Bel Canto by Ann Patchett. 2001. Harper Perennial.
Somewhere in South America, at the home of the country's vice president, a lavish birthday party is being held in honor of the powerful businessman Mr. Hosokawa. Roxane Coss, opera's most revered soprano, has mesmerized the international guests with her singing. It is a perfect evening—until a band of gun-wielding terrorists takes the entire party hostage. But what begins as a panicked, life-threatening scenario slowly evolves into something quite different, a moment of great beauty, as terrorists and hostages forge unexpected bonds, and people from different continents become compatriots. Friendship, compassion, and the chance for great love lead the characters to forget the real danger that has been set in motion . . . and cannot be stopped.
Why Bel Canto Matters
I always enjoy giving students another experience of what “classic literature” could be. Bel Canto is a modern (and readable) classic by a prolific (and still publishing) writer. The plot of the novel is a hostage situation and reads much like a thriller, which will easily draw in more reluctant readers. While the books isn’t particularly fast-paced, it’s certainly more of a page-turner than most of what students read for class; it’s a character study in which the plot is still engaging. Patchett inserts moments of tension throughout to remind readers of the high stakes situation her characters are in even when, at times, their captivity feels idyllic.
The text also provides opportunities to discuss some of my favorite motifs: the transformative power of art and the importance of empathy and compassion. Throughout the novel, readers learn about the motives of all the characters, both captors and captives, and we see that some of the characters who commit the most awful actions have the most noble motives, while those who behave admirably may do so for selfish reasons. We also begin to see who each of these characters becomes without the eyes of the outside world on them. This is also a novel about art, language, and communication, and how each has the power to enrich and transform individuals and communities. I love teaching books that innately answer the question, “Why are we reading this?”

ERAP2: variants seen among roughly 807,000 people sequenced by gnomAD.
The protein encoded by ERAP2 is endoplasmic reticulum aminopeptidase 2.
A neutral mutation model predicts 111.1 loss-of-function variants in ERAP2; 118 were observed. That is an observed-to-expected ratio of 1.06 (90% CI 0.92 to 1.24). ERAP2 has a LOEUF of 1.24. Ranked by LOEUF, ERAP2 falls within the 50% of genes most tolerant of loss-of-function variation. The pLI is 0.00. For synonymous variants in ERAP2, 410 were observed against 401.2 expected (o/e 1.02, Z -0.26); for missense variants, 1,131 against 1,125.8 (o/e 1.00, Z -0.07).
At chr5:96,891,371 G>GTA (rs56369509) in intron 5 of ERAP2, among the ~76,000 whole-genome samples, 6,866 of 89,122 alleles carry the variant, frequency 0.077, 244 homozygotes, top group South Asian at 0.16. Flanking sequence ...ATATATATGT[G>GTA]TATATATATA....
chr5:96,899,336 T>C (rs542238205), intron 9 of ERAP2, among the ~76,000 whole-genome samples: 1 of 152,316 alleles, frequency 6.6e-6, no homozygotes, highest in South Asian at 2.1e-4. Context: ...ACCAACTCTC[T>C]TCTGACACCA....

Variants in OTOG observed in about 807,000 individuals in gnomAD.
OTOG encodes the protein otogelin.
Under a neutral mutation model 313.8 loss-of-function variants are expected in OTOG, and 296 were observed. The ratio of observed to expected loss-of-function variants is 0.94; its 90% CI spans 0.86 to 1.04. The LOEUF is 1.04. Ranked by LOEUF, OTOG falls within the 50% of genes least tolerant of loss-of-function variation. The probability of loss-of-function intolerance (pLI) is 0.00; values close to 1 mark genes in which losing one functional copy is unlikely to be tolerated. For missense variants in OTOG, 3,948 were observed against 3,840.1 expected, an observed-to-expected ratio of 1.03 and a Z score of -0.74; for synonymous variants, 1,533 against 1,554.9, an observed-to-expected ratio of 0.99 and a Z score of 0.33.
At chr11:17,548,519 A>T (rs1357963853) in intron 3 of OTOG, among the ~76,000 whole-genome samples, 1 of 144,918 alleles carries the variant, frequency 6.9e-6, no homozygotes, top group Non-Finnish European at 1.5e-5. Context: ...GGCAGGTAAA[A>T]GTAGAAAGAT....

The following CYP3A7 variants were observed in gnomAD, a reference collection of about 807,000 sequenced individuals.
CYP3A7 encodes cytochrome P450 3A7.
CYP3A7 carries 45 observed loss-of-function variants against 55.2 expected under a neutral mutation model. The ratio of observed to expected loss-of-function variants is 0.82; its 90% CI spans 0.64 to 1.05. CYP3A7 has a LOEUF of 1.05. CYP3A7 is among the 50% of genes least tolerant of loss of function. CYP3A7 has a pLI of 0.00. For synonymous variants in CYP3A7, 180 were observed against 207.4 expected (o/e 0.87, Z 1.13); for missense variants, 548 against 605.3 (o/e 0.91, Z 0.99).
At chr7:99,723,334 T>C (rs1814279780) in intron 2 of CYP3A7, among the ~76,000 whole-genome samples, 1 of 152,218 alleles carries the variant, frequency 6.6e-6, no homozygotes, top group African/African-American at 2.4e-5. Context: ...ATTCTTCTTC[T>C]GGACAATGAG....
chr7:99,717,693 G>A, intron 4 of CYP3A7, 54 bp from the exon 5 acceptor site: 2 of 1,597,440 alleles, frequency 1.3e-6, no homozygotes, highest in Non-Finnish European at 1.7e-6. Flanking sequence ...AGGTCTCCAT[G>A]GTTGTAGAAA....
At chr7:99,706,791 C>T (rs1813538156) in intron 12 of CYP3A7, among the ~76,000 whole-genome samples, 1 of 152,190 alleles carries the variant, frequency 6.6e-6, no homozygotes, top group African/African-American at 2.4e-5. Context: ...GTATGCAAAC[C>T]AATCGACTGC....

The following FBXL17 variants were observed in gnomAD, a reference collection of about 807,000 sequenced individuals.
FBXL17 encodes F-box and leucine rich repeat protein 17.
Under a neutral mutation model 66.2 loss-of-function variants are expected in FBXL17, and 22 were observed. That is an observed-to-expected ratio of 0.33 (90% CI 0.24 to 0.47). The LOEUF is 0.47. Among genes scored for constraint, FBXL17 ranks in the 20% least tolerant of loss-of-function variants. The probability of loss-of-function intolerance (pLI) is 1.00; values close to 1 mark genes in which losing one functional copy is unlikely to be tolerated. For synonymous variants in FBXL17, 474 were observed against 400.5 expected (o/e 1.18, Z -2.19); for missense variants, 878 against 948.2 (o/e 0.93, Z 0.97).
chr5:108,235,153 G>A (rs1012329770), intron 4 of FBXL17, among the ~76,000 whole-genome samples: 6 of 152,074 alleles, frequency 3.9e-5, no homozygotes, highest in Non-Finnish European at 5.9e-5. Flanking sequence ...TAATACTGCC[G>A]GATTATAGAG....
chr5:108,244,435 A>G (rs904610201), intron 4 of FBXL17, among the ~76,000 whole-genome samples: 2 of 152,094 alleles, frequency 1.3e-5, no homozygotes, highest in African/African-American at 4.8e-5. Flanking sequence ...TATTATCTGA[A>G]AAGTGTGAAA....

Themes and Social Issues: Art, language, music, beauty, communication, friendship, perspective, compassion, freedom, compromise, courage & resistance, fear, and what it means to be human.
Literary Features: Patchett writes in a third-person limited omniscient point-of-view through which readers gradually discover the interior lives and motivations of nearly every important character. The structure of the novel is also worthy of discussion and analysis. Many readers have noted that the book is built to mimic an operatic structure, even including a sort of encore as the epilogue. The novel may also be read as an allegory for the transformative power of art and language.
Pairs Well With: poetry units, The House of Spirits, 100 Years of Solitude, Never Let Me Go, Frankenstein
Content Awareness: This book is pretty clean. While there are a couple sexual encounters as well as a prevailing threat of violence, these experiences are essential to the themes of the story and are written about from a distance with little to no detail. One character wonders whether she is at risk of being sexually assaulted. This fear is presented vaguely, rationally, and as something she is capable of preventing herself, which comes across as rather empowering. The only scene that may make young readers squeamish occurs early in the novel when a young female character expertly provides make-shift stitches to an older more powerful character using her sewing kit.